Canadian Poultry Magazine

Selecting for Efficiency

By By Technical Services Cobb-Vantress Inc.   

Features Profiles Researchers

Growers want to look at the most balanced

Growers want to look at the most balanced of the genetics available

 There is no such thing as a “perfect” breed.  Broiler producers want to look at the most balanced of the genetics available: a bird that will return the best profit (or least cost) overall.

Since the early 1980s, the primary breeder genetics staff at Cobb-Vantress have collected and analyzed data on reliable bird performance from a large number of individual birds, focusing on efficiency.


Broiler growout test facilities, constructed with the capability of controlling environmental variables, afforded accurate control of the environment and enabled birds to compete against each other while exposing individual bird differences – not as a response to varying external influences, but rather due to genetics.  Efficient growth rate became the selection driver and feed conversion ratio (FCR) became the trait with the greatest economic importance.  Feed conversion showed moderate to high heritability and was predicted to respond to genetic selection year after year. 

Full testing in the pedigree programs resulted in a measureable improvement in the field performance.  This advantage in feed conversion was recognized by customers and led to the full commercialization of the modern broiler breeder. 

Individual bird testing identified those birds with both exceptional feed efficiency and muscle deposition. The focus was on recognizing birds that had good appetites and could be the most efficient in converting grain nutrients into meat.  Fine tuning created genetic lines with the ability to grow quickly while maintaining the lowest cost per kilogram or pound of live weight produced – a sustainable advantage for customers.

The advantages that have been realized in the last 25 years are now proving even more valuable in light of what is perhaps the most challenging time in the history of the poultry industry. The rapid rise in the cost of grains and other feedstuffs during the last two years makes growth efficiency critical.  The broiler grower needs a bird that will grow quickly to maximize facility use, convert feed to meat as efficiently as possible and do this while using a ration that is affordable. 

All of these economic advantages put additional revenue into the pocket of the producer.  In addition, the processing advantage of a better yield, for both eviscerated whole birds and breast meat percentage, is critical if the best return is to be gained for the processor.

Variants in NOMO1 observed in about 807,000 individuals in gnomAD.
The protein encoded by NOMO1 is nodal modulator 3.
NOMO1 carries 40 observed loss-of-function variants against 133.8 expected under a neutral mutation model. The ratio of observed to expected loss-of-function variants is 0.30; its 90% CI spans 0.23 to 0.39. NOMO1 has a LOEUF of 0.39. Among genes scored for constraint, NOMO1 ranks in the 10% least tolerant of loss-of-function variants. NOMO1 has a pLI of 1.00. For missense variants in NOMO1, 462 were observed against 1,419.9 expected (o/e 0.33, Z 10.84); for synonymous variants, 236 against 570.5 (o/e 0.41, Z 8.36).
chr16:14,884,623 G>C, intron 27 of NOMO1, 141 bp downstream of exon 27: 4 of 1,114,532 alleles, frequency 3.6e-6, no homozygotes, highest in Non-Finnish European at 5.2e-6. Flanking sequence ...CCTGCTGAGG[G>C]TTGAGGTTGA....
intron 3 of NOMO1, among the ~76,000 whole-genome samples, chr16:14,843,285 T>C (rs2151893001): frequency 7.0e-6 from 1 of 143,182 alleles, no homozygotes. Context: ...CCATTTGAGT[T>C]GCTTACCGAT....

Figure 1 (left): An example of the cost difference between two different breeds
Figure 2: (right) Example of a broiler trial comparing a lower density/lower cost ration to a more expensive, higher ration designed for maximum broiler performance.

Unfortunately, there is no such thing as a “perfect” breed.  At one end of the genetic selection scale there is the Leghorn bird, bred specifically for producing large numbers of eggs, which could be as many as 300 eggs per hen per year.  This bird is very thin and has almost no value for meat production.  At the other extreme is the meat-type bird which has tremendous amounts of breast meat yield but gains this at the expense of egg production. Broiler producers want to look at the most balanced of the genetics available: a bird that will return the best profit (or least cost) overall, beginning with the purchase of breeder pullets, and following all the way through broiler processing.

Figure 1 is an example of two popular meat-type breeds and the resulting added value to the producer. In this example, a producer grows seven crops  of broilers per year with an average beginning size of 16,143 chicks.1 

Constant selection has allowed the development of a bird that is not only excellent in converting feed to meat, but also has the capability to efficiently utilize less expensive ingredients – or utilize a lower density of the feedstuffs available.  A balanced bird will lose very little growth rate with reductions in feed density, due to its extraordinary ability to consume feed in all environmental conditions. This means a slightly higher FCR but in almost every case still means more profitability due to lower feed costs per tonne.

Figure 2 is a recap of a broiler trial by Cobb in the U.K. comparing a lower density/lower cost ration to a more expensive, higher density ration designed for maximum broiler performance.2

When the combined efficiencies of feed conversion (Figure 1) are coupled with the ration formulation savings (Figure 2), we see that an annual benefit to an average-sized producer could approach $11,000.  This would be a nice advantage with today’s grain prices, which are predicted to stay high or even increase as world supplies of grain are depleted.

1 Flock size numbers were calculated from actual field numbers
   for broilers grown in Canada.
2 Performance numbers from the trial are combined with the
   size of an average flock in Canada, as well as the feed prices
   of Canadian feed rations.

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